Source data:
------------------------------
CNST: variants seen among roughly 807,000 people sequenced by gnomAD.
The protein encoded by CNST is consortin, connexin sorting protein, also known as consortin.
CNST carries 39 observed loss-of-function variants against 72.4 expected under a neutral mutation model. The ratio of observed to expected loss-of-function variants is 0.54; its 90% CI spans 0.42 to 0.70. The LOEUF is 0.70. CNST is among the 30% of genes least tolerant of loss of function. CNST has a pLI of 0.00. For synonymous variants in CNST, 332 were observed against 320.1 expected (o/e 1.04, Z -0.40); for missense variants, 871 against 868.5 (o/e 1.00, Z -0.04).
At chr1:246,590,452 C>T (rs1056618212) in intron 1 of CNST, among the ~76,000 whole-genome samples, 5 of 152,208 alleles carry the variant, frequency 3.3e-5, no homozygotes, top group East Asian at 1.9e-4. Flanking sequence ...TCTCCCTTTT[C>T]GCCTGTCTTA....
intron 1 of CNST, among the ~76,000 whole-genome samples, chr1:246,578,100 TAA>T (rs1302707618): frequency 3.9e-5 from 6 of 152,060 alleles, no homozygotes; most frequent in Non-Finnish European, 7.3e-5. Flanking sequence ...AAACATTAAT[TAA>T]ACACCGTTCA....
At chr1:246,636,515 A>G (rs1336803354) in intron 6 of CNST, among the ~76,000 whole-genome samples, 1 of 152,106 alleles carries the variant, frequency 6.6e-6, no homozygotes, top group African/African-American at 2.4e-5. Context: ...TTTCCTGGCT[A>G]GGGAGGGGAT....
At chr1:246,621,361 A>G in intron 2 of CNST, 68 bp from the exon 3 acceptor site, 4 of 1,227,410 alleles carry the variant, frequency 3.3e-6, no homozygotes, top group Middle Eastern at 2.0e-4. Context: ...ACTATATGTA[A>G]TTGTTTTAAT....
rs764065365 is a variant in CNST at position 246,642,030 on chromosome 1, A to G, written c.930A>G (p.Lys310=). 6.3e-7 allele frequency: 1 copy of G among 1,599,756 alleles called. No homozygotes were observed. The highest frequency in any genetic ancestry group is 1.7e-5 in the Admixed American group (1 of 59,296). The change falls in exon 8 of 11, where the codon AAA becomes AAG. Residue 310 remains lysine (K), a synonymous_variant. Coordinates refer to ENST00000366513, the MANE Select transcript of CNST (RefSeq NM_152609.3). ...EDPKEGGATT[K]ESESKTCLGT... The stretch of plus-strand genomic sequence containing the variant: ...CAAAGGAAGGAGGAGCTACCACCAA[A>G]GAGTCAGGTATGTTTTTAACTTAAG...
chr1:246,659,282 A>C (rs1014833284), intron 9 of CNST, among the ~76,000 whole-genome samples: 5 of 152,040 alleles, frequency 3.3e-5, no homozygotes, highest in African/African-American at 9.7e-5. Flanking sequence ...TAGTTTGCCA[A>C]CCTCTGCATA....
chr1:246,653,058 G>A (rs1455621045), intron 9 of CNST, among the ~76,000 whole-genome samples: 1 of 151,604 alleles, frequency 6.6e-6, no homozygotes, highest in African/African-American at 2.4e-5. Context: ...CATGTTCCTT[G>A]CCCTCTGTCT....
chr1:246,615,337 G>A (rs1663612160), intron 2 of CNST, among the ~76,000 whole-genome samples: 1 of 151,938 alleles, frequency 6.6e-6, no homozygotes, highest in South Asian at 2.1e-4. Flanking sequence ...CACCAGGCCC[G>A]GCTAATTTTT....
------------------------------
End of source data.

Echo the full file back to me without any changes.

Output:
CNST: variants seen among roughly 807,000 people sequenced by gnomAD.
The protein encoded by CNST is consortin, connexin sorting protein, also known as consortin.
CNST carries 39 observed loss-of-function variants against 72.4 expected under a neutral mutation model. The ratio of observed to expected loss-of-function variants is 0.54; its 90% CI spans 0.42 to 0.70. The LOEUF is 0.70. CNST is among the 30% of genes least tolerant of loss of function. CNST has a pLI of 0.00. For synonymous variants in CNST, 332 were observed against 320.1 expected (o/e 1.04, Z -0.40); for missense variants, 871 against 868.5 (o/e 1.00, Z -0.04).
At chr1:246,590,452 C>T (rs1056618212) in intron 1 of CNST, among the ~76,000 whole-genome samples, 5 of 152,208 alleles carry the variant, frequency 3.3e-5, no homozygotes, top group East Asian at 1.9e-4. Flanking sequence ...TCTCCCTTTT[C>T]GCCTGTCTTA....
intron 1 of CNST, among the ~76,000 whole-genome samples, chr1:246,578,100 TAA>T (rs1302707618): frequency 3.9e-5 from 6 of 152,060 alleles, no homozygotes; most frequent in Non-Finnish European, 7.3e-5. Flanking sequence ...AAACATTAAT[TAA>T]ACACCGTTCA....
At chr1:246,636,515 A>G (rs1336803354) in intron 6 of CNST, among the ~76,000 whole-genome samples, 1 of 152,106 alleles carries the variant, frequency 6.6e-6, no homozygotes, top group African/African-American at 2.4e-5. Context: ...TTTCCTGGCT[A>G]GGGAGGGGAT....
At chr1:246,621,361 A>G in intron 2 of CNST, 68 bp from the exon 3 acceptor site, 4 of 1,227,410 alleles carry the variant, frequency 3.3e-6, no homozygotes, top group Middle Eastern at 2.0e-4. Context: ...ACTATATGTA[A>G]TTGTTTTAAT....
rs764065365 is a variant in CNST at position 246,642,030 on chromosome 1, A to G, written c.930A>G (p.Lys310=). 6.3e-7 allele frequency: 1 copy of G among 1,599,756 alleles called. No homozygotes were observed. The highest frequency in any genetic ancestry group is 1.7e-5 in the Admixed American group (1 of 59,296). The change falls in exon 8 of 11, where the codon AAA becomes AAG. Residue 310 remains lysine (K), a synonymous_variant. Coordinates refer to ENST00000366513, the MANE Select transcript of CNST (RefSeq NM_152609.3). ...EDPKEGGATT[K]ESESKTCLGT... The stretch of plus-strand genomic sequence containing the variant: ...CAAAGGAAGGAGGAGCTACCACCAA[A>G]GAGTCAGGTATGTTTTTAACTTAAG...
chr1:246,659,282 A>C (rs1014833284), intron 9 of CNST, among the ~76,000 whole-genome samples: 5 of 152,040 alleles, frequency 3.3e-5, no homozygotes, highest in African/African-American at 9.7e-5. Flanking sequence ...TAGTTTGCCA[A>C]CCTCTGCATA....
chr1:246,653,058 G>A (rs1455621045), intron 9 of CNST, among the ~76,000 whole-genome samples: 1 of 151,604 alleles, frequency 6.6e-6, no homozygotes, highest in African/African-American at 2.4e-5. Context: ...CATGTTCCTT[G>A]CCCTCTGTCT....
chr1:246,615,337 G>A (rs1663612160), intron 2 of CNST, among the ~76,000 whole-genome samples: 1 of 151,938 alleles, frequency 6.6e-6, no homozygotes, highest in South Asian at 2.1e-4. Flanking sequence ...CACCAGGCCC[G>A]GCTAATTTTT....